Dupre's Favorite Cello Concertos

        Messiaen's Chronochromie is another outstanding Decca/Argo to get ahold of too!

    • #7
      Originally posted by Bill Hart View Post
      Among the EMIs, it is largely the ASD series (excluding the boxes), right?
      And I would also add a selection of the Lyritas, which were 20th century English composers- many pressed by Decca or Nimbus. Elizabeth McConchy's symphony is one l liked. The label is famous in audiophile circles for Arnold's Scottish Dances, which had a big drum sound, but I didn't think the music was as interesting as some of the other releases on that label. These can be found pretty cheaply, i think- and ought to be in good condition, since they were released a little later in time.

      Decca Headline series is also quirky- had Gerhard's The Plague, which is odd, spoken word, Dorati, and and big symphony.
      For EMI's, there were two big full priced series which both had boxes. The ASD series that Bill mentions (that also included many boxes- the earlier ones having ASD on the spline, and the later ones having SLS on the spine.) Many collectors divide these up into the 3 digit and 4 digit series (ASD251 to 655, and ASD2251 and higher). The 3 digit, particularly with the earlier white/gold labels are often pricey or even crazy insane pricey. But that is really artificial since the renumbering was done to align their mono catalogue numbers (much like Decca did for the SXL2000 to SXL6000 transition). I have about 75% of the 3 digit ASD's and just about all of the four digit ASD's not including the digitals which I don't collect for good sonic reasons (missing 3 albums). The second big series was under their Columbia label (not US Columbia), the SAX series. They are generally rarer (similar in rarity and cost to the ASD 3 digit series). Boxes were included in that series. I have about 60% of those titles. Some are crazy expensive on the used market. There are complications with labels which both indicate transitions and later pressings.

      Lyritas (stereo) are wonderful recordings, focusing on composers from the UK, many lesser known - so not much Elgar, Vaughan Williams and Britten. They were all engineered by Decca, many by Kenneth "Wilkie" Wilkinson. My friend John Dunkerley engineered many of the later albums, including the Arnold Dances and the Maconchy. Decca did all the original pressings until their purchase by Polygram and closing of their New Malden plant in 1980. From then on, although Decca continued to engineer the albums, the pressing was done by Nimbus, including remasters of earlier pressings (so you can buy both Nimbus and Decca pressings of most albums). We are talking about 85% of the original pressings of Lyrita albums were done by Decca and the rest by Nimbus. Later on Lyrita had a third mastering done by another company - but I don't know who. The Arnold Dances (which are the most expensive of the Lyritas) even had a fourth remastering/pressing done - which was awful - I bought one new at Tower records many years ago. I have all of the Decca original pressings and the rest as Nimbus and the third company.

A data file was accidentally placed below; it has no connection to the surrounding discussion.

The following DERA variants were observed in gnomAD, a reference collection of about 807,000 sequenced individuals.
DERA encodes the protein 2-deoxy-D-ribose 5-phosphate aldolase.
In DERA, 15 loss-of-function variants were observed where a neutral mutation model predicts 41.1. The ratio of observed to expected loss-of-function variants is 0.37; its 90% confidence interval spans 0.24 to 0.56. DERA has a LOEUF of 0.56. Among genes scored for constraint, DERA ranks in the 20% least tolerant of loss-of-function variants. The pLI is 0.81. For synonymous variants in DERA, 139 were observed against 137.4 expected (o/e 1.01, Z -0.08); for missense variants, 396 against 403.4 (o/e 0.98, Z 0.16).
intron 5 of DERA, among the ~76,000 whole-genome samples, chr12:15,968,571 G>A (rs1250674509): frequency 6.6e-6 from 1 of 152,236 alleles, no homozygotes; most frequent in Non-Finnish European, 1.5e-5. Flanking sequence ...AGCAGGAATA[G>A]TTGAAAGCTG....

The Decca HEAD series was very short- some twenty one albums including 3 double albums. It was focussed on avantgarde music. Gerhard's Plague is the most famous, since it was a TAS Super Disc. It is based (with narration) on Albert Camus' "The Plague". Mike Mailes was one of the engineers and he gave me his copy of the album. It was his first trip to the US and he was working with "Wilkie" who was the chief engineer. Again I have a complete set of the albums.

      Larry
      Last edited by astrotoy; 01-05-2017, 04:25 PM.
      Analog- VPIClassic3-3DArm,SoundsmithZephyrII+MiyajimaZeroMono, 2xAmpex ATR-102,Doshi3.0,Merrill Trident Master Tape Pre,Herron VTPH-2A
      Dig Rip-Pyramix,IzotopeRX3Adv,Mykerinos,PacMicroModel2
      Dig Play-mchNADAC, LampiPac, Roon, HQP, Oppo105
      Electronics-Doshi Pre,CJ MET1mchPre, Cary2A3monoamps
      Speakers-AvantgardeDuosLR,3SolosC,LR,RR
      Other-2x512Engineer/Marutani Symmetrical Power, AudioDiskVinylCleaner,AirTightRecordFlat, Scott Rust Interconnects,
      Music-15KRecs(90%classical),1.3KR2Rtapes,50TBrips

      Comment


      • Madfloyd
        Madfloyd commented
        Editing a comment
        Larry, do you know what the 5C (or 1C) series is? I just purchased a sealed copy of this:
        https://www.discogs.com/J-Haydn-Heat...elease/7715847

      • astrotoy
        astrotoy commented
        Editing a comment
        Ian, the various C issues (1C, 2C etc) indicate issues of EMI from different countries, but not UK. The were almost all remastered and pressed in the particular country - German, France, Spain, Italy. IC is Germany, 2C is France (often in nice gatefold albums) 3C is Italy, 5C is Benelux - Belgium, Netherlands, Luxembourg, I see in Discogs there is some inconsistency in the country identification. I am quite sure of the 1C and 2C where I have quite a few alternative pressings. Some albums were never issued in the UK and can only be found in their various 1C etc versions.